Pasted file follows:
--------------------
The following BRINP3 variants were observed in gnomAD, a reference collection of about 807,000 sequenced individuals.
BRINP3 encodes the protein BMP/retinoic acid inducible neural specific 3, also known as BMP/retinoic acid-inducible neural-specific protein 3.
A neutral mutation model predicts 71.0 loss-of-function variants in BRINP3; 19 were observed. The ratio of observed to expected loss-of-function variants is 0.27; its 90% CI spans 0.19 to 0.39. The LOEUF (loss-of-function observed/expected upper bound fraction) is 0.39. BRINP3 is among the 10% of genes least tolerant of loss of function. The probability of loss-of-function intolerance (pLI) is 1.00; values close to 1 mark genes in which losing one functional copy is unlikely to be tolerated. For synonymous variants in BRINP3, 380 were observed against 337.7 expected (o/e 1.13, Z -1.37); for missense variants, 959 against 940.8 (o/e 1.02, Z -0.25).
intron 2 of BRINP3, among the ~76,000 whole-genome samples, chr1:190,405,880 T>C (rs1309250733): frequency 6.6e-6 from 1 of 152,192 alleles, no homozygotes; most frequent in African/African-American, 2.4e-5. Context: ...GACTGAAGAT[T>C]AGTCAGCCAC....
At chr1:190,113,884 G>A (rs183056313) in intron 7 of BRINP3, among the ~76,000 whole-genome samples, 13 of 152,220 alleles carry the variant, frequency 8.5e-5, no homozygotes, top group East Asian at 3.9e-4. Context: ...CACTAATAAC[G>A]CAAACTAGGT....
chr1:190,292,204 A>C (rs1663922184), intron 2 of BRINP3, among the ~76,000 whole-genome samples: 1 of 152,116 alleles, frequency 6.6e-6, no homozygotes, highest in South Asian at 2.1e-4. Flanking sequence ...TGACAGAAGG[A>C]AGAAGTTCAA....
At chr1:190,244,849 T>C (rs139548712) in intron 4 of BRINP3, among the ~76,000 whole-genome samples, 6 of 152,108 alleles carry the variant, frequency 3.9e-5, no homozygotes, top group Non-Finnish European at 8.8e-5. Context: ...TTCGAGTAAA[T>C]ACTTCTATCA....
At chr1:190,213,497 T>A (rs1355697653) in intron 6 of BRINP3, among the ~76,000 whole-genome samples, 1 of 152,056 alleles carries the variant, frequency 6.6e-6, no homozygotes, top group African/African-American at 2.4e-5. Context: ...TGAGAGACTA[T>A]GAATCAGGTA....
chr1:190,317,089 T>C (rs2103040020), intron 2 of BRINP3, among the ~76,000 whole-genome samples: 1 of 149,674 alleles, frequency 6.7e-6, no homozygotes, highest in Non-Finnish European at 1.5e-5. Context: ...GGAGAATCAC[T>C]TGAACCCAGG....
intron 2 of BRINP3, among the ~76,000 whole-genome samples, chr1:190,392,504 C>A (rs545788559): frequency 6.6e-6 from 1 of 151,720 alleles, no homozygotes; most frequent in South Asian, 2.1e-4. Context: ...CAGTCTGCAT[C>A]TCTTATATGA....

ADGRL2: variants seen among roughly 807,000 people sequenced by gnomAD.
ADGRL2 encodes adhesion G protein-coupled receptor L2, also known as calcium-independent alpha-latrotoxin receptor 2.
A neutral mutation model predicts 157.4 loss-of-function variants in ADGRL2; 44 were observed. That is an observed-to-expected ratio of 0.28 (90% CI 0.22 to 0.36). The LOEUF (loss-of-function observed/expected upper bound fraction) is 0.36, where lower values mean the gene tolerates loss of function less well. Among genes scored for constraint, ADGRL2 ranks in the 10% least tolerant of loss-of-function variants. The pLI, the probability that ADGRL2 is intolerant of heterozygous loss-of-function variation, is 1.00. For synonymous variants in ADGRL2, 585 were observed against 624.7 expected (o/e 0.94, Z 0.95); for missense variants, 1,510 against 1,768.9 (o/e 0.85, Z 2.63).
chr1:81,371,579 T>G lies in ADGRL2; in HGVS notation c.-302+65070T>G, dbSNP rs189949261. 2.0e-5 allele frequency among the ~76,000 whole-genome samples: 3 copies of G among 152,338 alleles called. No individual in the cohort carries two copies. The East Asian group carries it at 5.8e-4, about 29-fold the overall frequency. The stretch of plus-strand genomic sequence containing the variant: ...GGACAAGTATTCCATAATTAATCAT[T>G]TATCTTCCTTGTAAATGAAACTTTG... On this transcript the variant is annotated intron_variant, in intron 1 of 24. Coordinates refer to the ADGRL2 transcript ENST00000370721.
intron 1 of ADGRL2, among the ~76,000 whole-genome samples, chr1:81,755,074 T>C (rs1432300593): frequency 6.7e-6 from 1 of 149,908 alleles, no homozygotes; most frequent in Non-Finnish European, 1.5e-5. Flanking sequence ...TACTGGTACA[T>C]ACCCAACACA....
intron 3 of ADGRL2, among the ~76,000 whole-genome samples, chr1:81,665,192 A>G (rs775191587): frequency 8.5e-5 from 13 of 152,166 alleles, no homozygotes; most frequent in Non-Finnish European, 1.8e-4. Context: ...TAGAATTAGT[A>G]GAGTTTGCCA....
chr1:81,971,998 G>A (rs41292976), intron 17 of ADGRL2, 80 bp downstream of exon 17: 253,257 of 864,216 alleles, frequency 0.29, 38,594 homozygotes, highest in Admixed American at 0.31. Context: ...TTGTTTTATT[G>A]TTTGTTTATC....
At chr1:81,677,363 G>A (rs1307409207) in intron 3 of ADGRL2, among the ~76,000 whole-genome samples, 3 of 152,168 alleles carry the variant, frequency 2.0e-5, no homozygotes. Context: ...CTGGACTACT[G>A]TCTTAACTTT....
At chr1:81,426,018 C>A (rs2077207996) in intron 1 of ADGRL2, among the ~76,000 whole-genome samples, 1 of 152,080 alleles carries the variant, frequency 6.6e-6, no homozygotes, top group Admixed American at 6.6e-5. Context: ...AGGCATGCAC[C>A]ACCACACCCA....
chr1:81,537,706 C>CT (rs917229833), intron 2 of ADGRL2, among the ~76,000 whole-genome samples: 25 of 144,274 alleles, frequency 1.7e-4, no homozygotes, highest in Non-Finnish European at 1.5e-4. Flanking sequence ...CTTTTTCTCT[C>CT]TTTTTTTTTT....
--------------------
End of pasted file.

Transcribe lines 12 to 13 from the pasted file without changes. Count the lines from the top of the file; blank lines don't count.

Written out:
ADGRL2 encodes adhesion G protein-coupled receptor L2, also known as calcium-independent alpha-latrotoxin receptor 2.
A neutral mutation model predicts 157.4 loss-of-function variants in ADGRL2; 44 were observed. That is an observed-to-expected ratio of 0.28 (90% CI 0.22 to 0.36). The LOEUF (loss-of-function observed/expected upper bound fraction) is 0.36, where lower values mean the gene tolerates loss of function less well. Among genes scored for constraint, ADGRL2 ranks in the 10% least tolerant of loss-of-function variants. The pLI, the probability that ADGRL2 is intolerant of heterozygous loss-of-function variation, is 1.00. For synonymous variants in ADGRL2, 585 were observed against 624.7 expected (o/e 0.94, Z 0.95); for missense variants, 1,510 against 1,768.9 (o/e 0.85, Z 2.63).